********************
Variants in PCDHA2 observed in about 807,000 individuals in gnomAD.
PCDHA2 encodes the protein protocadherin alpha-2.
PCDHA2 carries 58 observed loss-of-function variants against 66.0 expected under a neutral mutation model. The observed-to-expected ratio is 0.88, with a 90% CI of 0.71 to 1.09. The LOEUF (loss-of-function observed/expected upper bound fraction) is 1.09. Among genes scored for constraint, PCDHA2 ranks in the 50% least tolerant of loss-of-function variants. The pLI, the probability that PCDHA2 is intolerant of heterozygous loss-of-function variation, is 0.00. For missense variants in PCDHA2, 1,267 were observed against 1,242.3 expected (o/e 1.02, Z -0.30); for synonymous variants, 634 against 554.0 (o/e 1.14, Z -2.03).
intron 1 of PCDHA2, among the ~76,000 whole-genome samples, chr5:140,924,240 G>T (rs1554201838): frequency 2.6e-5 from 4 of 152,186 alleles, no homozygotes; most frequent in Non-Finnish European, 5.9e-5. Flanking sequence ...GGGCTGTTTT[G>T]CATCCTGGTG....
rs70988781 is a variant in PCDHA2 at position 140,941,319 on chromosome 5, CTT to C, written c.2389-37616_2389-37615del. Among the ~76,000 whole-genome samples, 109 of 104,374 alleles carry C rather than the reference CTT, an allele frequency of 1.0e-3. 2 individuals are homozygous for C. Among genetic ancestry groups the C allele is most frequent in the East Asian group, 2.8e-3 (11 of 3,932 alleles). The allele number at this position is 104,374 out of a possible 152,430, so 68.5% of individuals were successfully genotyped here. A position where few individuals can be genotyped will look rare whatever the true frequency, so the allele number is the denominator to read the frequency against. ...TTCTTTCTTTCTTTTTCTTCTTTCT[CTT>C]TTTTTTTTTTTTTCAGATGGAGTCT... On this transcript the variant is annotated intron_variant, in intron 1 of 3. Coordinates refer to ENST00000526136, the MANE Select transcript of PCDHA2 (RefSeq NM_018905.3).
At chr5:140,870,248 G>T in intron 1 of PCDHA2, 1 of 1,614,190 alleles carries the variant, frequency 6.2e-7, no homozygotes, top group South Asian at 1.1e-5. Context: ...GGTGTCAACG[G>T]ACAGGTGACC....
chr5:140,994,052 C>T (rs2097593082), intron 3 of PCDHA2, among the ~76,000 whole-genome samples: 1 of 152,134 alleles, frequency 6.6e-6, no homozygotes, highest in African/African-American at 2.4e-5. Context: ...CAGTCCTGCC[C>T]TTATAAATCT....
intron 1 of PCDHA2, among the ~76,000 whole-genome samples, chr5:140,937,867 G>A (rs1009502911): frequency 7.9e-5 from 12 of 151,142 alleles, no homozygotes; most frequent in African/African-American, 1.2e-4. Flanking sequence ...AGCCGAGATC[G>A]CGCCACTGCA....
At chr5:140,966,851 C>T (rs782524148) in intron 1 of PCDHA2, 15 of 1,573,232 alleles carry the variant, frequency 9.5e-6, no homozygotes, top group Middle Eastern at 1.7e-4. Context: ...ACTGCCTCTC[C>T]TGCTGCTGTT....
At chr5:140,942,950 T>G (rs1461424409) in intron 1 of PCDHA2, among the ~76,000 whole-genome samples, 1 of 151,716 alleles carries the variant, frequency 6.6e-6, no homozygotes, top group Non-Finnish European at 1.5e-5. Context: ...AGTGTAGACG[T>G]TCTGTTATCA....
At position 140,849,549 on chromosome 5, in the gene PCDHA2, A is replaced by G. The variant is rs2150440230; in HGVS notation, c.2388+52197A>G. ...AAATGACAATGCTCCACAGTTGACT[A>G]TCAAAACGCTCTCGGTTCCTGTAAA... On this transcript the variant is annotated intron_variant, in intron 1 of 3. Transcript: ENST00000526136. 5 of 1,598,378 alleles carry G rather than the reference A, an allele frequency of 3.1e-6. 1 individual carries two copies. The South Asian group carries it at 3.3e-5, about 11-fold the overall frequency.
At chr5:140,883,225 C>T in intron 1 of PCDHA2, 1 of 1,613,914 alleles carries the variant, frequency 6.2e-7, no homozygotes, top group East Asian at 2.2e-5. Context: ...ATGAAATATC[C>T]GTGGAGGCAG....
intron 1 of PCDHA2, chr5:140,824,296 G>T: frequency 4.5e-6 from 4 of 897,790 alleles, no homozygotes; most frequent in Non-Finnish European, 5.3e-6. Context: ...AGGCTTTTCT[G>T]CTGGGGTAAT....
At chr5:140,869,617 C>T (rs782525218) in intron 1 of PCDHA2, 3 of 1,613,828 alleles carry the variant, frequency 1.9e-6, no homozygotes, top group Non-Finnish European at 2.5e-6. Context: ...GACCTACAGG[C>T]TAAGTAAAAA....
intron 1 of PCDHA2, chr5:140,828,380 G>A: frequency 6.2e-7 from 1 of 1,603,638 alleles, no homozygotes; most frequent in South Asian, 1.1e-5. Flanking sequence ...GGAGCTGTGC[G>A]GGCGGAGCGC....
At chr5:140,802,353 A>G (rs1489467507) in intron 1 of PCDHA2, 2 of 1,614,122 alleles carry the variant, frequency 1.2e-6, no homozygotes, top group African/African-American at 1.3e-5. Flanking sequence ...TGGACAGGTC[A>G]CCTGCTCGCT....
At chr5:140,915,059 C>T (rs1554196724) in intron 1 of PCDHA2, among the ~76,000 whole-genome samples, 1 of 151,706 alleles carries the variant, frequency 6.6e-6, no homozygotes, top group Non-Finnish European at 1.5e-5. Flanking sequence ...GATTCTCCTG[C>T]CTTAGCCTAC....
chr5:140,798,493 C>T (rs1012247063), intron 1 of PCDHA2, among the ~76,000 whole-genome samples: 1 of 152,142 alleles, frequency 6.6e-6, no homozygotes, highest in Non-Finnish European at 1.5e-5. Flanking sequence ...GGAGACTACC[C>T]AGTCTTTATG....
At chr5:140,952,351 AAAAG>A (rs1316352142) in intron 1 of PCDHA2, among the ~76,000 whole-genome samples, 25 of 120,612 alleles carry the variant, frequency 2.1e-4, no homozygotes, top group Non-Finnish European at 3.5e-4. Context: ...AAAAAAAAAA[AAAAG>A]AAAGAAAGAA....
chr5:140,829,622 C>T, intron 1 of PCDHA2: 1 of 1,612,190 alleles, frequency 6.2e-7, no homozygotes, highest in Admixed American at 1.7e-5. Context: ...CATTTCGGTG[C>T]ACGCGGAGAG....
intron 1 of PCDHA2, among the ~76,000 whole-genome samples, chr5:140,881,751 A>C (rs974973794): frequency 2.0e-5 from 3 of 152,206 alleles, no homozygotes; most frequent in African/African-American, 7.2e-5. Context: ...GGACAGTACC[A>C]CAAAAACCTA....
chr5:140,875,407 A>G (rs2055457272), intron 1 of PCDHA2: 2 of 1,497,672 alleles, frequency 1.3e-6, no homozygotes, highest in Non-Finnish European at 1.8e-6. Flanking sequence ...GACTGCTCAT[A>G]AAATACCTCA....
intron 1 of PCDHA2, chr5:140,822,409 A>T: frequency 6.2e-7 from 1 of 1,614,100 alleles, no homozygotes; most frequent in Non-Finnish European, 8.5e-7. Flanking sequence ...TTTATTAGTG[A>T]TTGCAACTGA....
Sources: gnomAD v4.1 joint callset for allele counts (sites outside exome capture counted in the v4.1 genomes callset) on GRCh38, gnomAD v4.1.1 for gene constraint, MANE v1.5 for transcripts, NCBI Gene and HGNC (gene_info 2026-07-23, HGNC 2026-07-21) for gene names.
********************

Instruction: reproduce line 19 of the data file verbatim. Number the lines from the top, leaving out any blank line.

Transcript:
At chr5:140,952,351 AAAAG>A (rs1316352142) in intron 1 of PCDHA2, among the ~76,000 whole-genome samples, 25 of 120,612 alleles carry the variant, frequency 2.1e-4, no homozygotes, top group Non-Finnish European at 3.5e-4. Context: ...AAAAAAAAAA[AAAAG>A]AAAGAAAGAA....